Growing up in Florida, we start giving our children swimming lessons very early on in life. I know a lot of families that have started as early as 6 months old.

However, the American Board of Pediatrics does not recommend formal swimming lessons for children under the age of 1 or water-survival skills programs for infants.

Although the infant water-survival skills make compelling videos for the internet, there is no scientific study that these classes are effective. Children are not able to learn to swim until the age of 3.

But does this mean your child should not have swim lessons until the age of 3?

NO!

Every child develops differently. If your child shows interest and is emotionally ready, then you should give them lessons. However, it is important to understand that no matter how well they swim, they can panic and forget their skills within seconds. Any swimming child that is under the age of 4 must be within arm’s reach of an adult at all times.

Positioning Your Infant’s Car Seat Facing Forward Early

The bones that protect the spine, the vertebrae, do not fuse until 3-to-6 years of age. This is why rear-facing car seats are so important. Rear-facing gives more support and protection to the underdeveloped vertebrae and spinal cord. A forward facing child has a greater chance of damage to the spinal cord when their head and neck whip forward and back in a crash.

The AAP now advises parents to keep their toddlers in rear-facing car seats as long as possible, until they reach the maximum height and weight for their seat. The new recommendations remove any age restrictions to allow for rear-facing as long as possible. In fact, some states have even created laws which require your child be a certain weight or age to use a forward-facing car seat.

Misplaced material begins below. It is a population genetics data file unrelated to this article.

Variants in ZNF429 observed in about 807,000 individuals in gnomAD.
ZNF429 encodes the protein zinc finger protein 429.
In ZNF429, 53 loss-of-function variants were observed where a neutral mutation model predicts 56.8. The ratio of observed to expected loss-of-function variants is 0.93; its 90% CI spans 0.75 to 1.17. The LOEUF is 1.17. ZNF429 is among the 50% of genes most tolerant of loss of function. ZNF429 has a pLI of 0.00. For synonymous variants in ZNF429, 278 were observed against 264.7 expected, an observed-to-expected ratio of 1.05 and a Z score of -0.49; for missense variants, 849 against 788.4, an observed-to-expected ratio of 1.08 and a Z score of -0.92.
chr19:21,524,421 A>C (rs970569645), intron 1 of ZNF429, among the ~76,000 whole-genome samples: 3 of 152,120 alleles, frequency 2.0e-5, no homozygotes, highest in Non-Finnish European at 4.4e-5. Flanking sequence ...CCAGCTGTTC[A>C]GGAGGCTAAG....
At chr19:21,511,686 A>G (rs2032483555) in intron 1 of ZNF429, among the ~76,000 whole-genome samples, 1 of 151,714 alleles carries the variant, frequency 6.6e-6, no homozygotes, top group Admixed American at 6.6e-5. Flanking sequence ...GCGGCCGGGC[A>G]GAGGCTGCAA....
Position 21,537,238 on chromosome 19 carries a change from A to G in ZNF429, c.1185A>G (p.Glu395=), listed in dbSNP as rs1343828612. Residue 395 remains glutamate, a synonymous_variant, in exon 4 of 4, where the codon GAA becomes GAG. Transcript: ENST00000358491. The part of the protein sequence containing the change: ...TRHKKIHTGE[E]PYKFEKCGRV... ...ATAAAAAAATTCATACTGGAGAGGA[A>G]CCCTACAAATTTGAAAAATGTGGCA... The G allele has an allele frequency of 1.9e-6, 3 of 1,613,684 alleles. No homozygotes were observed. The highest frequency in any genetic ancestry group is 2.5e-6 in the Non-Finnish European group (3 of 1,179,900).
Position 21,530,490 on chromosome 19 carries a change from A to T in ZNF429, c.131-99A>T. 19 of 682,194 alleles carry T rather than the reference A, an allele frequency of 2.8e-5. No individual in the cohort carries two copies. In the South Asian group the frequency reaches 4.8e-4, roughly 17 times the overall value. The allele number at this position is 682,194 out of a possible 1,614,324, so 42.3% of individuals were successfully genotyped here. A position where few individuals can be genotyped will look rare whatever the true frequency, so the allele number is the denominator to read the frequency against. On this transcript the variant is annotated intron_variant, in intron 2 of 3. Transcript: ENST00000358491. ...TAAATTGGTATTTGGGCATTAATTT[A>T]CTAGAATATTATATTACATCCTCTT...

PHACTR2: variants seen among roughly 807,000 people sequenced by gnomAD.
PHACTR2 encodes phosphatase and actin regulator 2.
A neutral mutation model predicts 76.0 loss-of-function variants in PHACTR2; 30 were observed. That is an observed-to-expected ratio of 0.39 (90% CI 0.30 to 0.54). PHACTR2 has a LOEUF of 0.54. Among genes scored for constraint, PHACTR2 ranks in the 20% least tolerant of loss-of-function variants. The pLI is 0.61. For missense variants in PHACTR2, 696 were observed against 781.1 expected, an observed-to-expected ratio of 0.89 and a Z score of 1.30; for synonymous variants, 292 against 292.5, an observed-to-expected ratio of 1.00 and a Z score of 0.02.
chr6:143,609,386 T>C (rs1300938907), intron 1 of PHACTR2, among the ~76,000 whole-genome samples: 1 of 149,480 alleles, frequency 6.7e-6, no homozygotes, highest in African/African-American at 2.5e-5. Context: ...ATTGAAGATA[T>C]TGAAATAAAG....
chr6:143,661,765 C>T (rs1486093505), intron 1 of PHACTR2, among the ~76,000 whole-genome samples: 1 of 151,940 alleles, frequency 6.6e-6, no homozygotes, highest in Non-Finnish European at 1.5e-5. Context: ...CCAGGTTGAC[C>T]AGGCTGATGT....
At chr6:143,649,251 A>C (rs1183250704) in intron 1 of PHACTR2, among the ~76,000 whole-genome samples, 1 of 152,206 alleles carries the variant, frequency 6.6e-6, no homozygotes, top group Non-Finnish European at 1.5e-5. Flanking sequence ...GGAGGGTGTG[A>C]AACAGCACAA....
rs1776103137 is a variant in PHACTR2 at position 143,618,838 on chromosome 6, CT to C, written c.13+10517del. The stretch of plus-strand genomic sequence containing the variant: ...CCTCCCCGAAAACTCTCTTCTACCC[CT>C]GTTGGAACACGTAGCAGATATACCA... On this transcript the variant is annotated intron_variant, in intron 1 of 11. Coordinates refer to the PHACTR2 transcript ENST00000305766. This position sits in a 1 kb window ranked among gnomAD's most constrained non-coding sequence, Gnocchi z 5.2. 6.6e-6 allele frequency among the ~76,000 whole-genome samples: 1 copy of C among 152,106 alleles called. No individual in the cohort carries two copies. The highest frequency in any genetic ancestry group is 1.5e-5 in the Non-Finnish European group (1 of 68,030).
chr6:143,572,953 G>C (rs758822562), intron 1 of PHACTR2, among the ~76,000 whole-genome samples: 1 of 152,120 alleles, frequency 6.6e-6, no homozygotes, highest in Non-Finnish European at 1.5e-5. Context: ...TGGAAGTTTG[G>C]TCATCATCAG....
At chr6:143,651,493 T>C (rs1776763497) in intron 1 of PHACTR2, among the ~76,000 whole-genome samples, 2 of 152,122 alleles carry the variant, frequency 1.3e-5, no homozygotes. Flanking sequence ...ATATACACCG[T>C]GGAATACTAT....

*Please check your state or local laws to be sure you are complying!

Final Thoughts

Parenting is hard at any stage. Raising our little humans is always our top priority, so avoiding these top potentially deadly mistakes should also be a priority. Keep those babies safe through all the ages and stages of development!

~Dr. Katie

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  1. Thanks for all the great info!! My 22 yr old daughter is having her first, and all the advice is so different than 22 yrs ago. Especially the new guidelines for car seats. Thanks so much, I really want to get everything right!!!!

    1. Absolutely! Thank you so much for following us:) Our pediatrician, Dr. Katie is always posting the most relevant and up to date pediatric information so please let your daughter know for her first. Congrats!

  2. This is so important and could save a baby’s life! Very helpful advice for all parents out there to know! Thank you so much for posting!

  3. This was a great article on saftey of children. I am going to be a new Nana in April and it refreshed my memory. Thank you!

    1. thank you for following us!! Dr. Katie, our FF pediatrician, is always giving great and up to date pediatric advice. 🙂

    1. Thanks so much for following us:) We are always posting the latest information and try and give new parents a great confidence. You will do great and congrats!

  4. Thanks so much for the great information! I’m going to send this link to my daughter, she is due with her first in May, making me a grandma for the first time!!! 🙂